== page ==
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What Douthat Misses

New York Times columnist Ross Douthats new book, Bad Religion: How We Became a Nation of Heretics, has gotten a lot of attention. Peter Steinfelss review was predictably astute. Michael Sean Winterss takedown in the New Republic was inaccurate and unfortunate, and Douthats rebuttal measured and persuasive. For those who might be interested in yet another view of Douthats dire assessment of the contemporary religious landscape, I offer my own from the Washington Monthly. As you will see, I share Peters skepticism about Douthats almost entirely negative depiction of what he calls the accommodation made by Mainline Protestant Churches, and much of the American Catholic Church, with the larger secular culture in the 1960s and 70s. It also astonishes me that Douthat makes no reference to Peters book, A People Adrift: The Crisis of the Roman Catholic Church in America, which treats at length many of the moral, doctrinal, and ecclesial developments Douthat is rightly apprehensive about.In any event, heres how I tackle what is perhaps Douthats most abiding worry.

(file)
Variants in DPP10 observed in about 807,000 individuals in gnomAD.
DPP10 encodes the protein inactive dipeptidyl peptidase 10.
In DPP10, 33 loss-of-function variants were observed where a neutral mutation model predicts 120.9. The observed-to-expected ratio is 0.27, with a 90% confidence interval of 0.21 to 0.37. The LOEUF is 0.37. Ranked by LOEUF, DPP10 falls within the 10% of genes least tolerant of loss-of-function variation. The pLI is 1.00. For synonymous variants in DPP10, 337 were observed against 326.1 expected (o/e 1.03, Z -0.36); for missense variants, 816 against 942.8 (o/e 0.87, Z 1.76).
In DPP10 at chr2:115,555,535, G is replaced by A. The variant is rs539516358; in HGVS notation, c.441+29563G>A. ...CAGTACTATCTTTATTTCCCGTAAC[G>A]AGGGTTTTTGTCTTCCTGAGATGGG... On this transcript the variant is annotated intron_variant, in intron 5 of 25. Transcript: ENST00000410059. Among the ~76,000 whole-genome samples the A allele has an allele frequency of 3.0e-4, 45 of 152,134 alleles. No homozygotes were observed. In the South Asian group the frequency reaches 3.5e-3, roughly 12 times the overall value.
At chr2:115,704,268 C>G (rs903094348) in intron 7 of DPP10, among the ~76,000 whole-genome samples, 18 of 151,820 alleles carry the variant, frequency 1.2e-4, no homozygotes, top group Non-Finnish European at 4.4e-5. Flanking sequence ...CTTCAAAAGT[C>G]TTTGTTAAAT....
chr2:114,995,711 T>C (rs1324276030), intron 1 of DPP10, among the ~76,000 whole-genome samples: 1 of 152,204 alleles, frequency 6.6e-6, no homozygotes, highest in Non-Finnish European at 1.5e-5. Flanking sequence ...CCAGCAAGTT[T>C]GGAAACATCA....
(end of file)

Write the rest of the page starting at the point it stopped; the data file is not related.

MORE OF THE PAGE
Regarding sexual morality, many will find Douthats charges that the churches have largely abandoned the field too simplistic. The traditional Christian view of sexuality is more essential to the faith as a whole than many modern believers want to acknowledge, he writes. It seems easy enough to snip a single thread out of the pattern, but often the whole thing swiftly unravels once you do. This is not an unreasonable intuition; it certainly informs the Catholic Churchs refusal to budge on such issues as premarital sex, contraception, divorce, and homosexuality. But is it true? Does the whole teaching hang together in the way Douthat suggests, and is it as fragile as he thinks? Lets not forget that a number of threads have already been snipped out of those teachings. It was once taught that marriage was the remedy for concupiscence. And that the sole purpose of sex was procreation. And that a wife must be submissive to her husbands sexual demands. And marriage itself was long considered inferior to the celibate priesthood as a spiritual vocation.